The Government finally published the official list of firms who were referred to the VIP fast lane – with Transport Secretary Grant Shapps named for the first time
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Transport secretary Grant Shapps is among more senior Tory figures to have referred firms to the VIP lane for lucrative Covid contracts, the government has admitted.
Last night ministers finally published the list of ‘fast tracked’ companies, many of them donors and friends of ministers and officials.
A list of 47 referrers had been leaked earlier in the week.
But the officially published list – sneaked out while MPs were voting on measures to tackle parliamentary sleaze – has a further three, including the Transport Secretary.
Mr Shapps is now named as the ‘source of referral’ for VIP firm ‘EyeSpace Eyewear’.
The company landed a £1.4m deal to provide Goggles, including a fee of nearly £0.5m for freight.
Neither Shapps or Eyespace Eyewear were included in the previously leaked version of the VIP list.
The fresh list also reveals two firms were referred by Tory peer and donor Lord Leigh, and another by donor Stuart Marks.
And the government admitted some referees had still not been revealed, with the website admitting: “Due to incomplete record keeping, in a small number of cases we have not been able to identify the individual or team who directed the offer to this route.”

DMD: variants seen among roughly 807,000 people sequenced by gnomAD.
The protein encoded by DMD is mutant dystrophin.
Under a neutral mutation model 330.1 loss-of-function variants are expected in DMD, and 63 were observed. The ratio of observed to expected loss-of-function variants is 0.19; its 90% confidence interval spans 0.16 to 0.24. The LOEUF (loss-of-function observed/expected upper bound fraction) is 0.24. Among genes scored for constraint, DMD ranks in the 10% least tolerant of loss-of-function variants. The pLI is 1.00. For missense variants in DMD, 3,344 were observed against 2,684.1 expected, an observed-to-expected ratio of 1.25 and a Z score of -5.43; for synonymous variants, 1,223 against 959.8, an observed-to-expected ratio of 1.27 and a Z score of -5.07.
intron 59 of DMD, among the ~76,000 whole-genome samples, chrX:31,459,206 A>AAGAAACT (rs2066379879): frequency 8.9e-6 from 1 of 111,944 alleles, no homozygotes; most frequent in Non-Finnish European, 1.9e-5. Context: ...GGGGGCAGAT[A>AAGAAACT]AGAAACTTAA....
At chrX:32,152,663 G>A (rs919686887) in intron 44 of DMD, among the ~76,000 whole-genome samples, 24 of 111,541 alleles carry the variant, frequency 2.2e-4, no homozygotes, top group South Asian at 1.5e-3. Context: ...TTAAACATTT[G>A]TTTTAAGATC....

There’s no suggestion of any wrongdoing by any of the firms involved.
Jo Maugham, Director of Good Law Project said: “We really need to be looking at the process whereby so many friends of the Conservative Party came to benefit from vast, and vastly profitable, contracts.
“How did so many come to understand that there were contracts there for the taking?”
The new revelations came after the Government claimed it had been “unable to locate” records of a meeting between ministers and a Tory-linked firm which was handed nearly £600 million in Covid contracts.
Labour said failure to ensure notes were taken of the meeting between Lord Bethell and testing firm Randox broke the ministerial code.
The firm, which has £160,000 to the Conservative Party as well as paying the disgraced former MP Owen Paterson £100,000 a year for legal advice, secured government testing deals at the height of the pandemic.
But Health Minister Gillian Keegan said the government had been “unable to locate a formal note” of what was said during the call.
She told MPs: “The meeting […] was a courtesy call from the minister to Randox to discuss RNA extraction kits.
“That was declared on the ministerial register of calls and meetings, and we have been unable to locate a formal note of that meeting, but all the other notes that are available with regard to this – and that meeting, by the way, was after any contracts were let with Randox.”
She later sought to clarify that it has not lost the minutes, only that it cannot find them at the moment.